There will be no assigned textbook for this class (there are not really any suitable texts). However, the presentation will most closely match the "style" of the book

It is my intention to make the course accessible to students who have not taken cryptography before. However, students who take no other cryptography course will miss out on some fundamental aspects of cryptography that are covered in the survey course, but not covered here. Also, students who have not had a prior course in cryptography may miss out on some of the context of what we discuss in this class (i.e., an understanding of why a particular problem is important, or how it relates to other results). Finally, students who have not previously taken a course in

There are no official prerequisites for the course, but mathematical maturity (especially comfortability with proofs and the ability to think abstractly) is assumed.

- Regular attendance
- Scribing lecture notes (in latex) for multiple lectures (the number of lectures to be scribed by each student will depend on how many students take the class; I expect that each student will scribe about 4-6 lectures)
- There will be a midterm and a final
*only for those students taking the course for grad credit*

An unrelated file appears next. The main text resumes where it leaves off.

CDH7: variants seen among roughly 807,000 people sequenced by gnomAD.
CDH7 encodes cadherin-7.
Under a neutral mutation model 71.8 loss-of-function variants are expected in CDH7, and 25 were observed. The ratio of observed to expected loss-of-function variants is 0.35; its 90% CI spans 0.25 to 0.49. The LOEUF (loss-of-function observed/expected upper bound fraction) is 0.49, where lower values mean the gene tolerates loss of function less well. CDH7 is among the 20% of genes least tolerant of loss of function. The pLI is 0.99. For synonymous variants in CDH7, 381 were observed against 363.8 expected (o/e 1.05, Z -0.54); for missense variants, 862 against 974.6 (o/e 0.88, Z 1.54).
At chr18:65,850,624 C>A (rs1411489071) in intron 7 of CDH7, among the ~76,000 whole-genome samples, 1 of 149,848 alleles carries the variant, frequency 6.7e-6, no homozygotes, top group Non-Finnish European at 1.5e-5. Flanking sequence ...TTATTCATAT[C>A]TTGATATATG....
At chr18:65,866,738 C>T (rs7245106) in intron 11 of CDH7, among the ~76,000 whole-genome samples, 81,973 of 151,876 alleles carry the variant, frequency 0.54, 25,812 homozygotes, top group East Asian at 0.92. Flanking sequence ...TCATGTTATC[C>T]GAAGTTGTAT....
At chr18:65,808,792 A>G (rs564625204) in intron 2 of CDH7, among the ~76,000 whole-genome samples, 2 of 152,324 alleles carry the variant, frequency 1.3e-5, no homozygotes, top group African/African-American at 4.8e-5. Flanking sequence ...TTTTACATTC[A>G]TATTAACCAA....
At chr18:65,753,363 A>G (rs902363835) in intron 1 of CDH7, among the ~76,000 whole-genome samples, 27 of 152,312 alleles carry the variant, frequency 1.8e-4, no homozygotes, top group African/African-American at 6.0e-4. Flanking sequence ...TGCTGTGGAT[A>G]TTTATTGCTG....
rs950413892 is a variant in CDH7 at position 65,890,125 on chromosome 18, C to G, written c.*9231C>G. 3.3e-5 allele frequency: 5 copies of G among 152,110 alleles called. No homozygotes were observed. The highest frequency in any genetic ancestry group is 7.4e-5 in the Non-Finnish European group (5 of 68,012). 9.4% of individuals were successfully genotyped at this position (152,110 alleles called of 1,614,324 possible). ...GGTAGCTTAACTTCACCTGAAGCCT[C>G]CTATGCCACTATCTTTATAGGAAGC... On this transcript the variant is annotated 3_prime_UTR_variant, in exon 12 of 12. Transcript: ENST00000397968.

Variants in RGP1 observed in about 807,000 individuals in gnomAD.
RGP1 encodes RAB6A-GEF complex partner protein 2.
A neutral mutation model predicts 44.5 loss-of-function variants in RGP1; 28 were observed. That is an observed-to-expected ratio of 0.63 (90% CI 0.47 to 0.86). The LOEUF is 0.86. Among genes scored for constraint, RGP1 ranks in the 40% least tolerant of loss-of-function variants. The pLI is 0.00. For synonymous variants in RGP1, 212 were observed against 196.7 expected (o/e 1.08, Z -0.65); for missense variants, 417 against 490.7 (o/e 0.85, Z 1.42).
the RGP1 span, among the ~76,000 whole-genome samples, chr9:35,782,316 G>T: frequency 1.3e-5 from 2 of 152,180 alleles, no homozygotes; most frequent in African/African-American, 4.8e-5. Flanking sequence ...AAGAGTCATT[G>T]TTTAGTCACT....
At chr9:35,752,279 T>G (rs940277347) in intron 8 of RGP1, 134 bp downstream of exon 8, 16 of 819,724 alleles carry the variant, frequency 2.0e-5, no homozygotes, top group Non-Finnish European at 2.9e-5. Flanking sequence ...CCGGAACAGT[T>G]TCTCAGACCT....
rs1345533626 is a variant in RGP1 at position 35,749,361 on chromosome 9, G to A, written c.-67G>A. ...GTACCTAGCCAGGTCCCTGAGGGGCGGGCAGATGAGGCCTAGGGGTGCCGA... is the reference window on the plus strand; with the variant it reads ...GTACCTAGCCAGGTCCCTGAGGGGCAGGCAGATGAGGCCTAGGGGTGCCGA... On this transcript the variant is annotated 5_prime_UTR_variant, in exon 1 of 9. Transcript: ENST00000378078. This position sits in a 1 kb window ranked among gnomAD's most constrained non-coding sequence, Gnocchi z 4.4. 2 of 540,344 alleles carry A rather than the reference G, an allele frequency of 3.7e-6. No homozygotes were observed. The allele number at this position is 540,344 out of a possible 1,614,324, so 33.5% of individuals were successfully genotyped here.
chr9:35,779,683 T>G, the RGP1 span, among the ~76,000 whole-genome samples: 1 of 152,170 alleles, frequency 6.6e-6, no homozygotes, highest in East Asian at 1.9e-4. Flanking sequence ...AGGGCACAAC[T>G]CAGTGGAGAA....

For further information about scribing lectures, see here.

**Instructor:**Jonathan Katz (jkatz AT cs). Office: 3225 AV Williams.**Office hours:**by appointment.- The course meets Tuesday and Thursday from 9:30 - 10:45 in CSIC 3120

- Preliminaries
- One-way functions and trapdoor permutations
- Hard-core predicates; the existence of a hard-core bit for every one-way permutation
- Rigorous definition of security for public-key encryption, and a construction of secure public-key encryption from trapdoor permutations

- Chosen-ciphertext security for public-key encryption
- Definitions and motivation: two "flavors" of chosen-ciphertext security
- Interactive proofs and zero-knowledge interactive proofs (briefly and informally, for now)
- Non-interactive zero-knowledge (NIZK) proofs: definitions and a construction based on trapdoor permutations
- The Naor-Yung construction of a "CCA1-secure" public-key encryption scheme
- The Dolev-Dwork-Naor construction of a "CCA2-secure" public-key encryption scheme
- Other constructions of CCA2-secure encryption based on general assumptions (???)
- Non-interactive zero-knowledge proofs of knowledge (???)
- Non-malleable NIZK (???)
- The Cramer-Shoup encryption scheme
- Chosen-ciphertext security in the random oracle model

- Interactive (zero-knowledge) proofs and proofs of knowledge
- Interactive proofs in more detail
- Zero-knowledge proofs and proofs of knowledge: definitions and constructions
- Constant-round zero-knowledge proofs of knowledge
- Other concerns (non-malleability, concurrency, etc.) (???)

- Secure distributed computation
- Information-theoretically secure computation (???)
- Two-party and multi-party secure computation (???)
- Byzantine agreement (???)
- Threshold cryptography (???)

- Other topics based on student interest.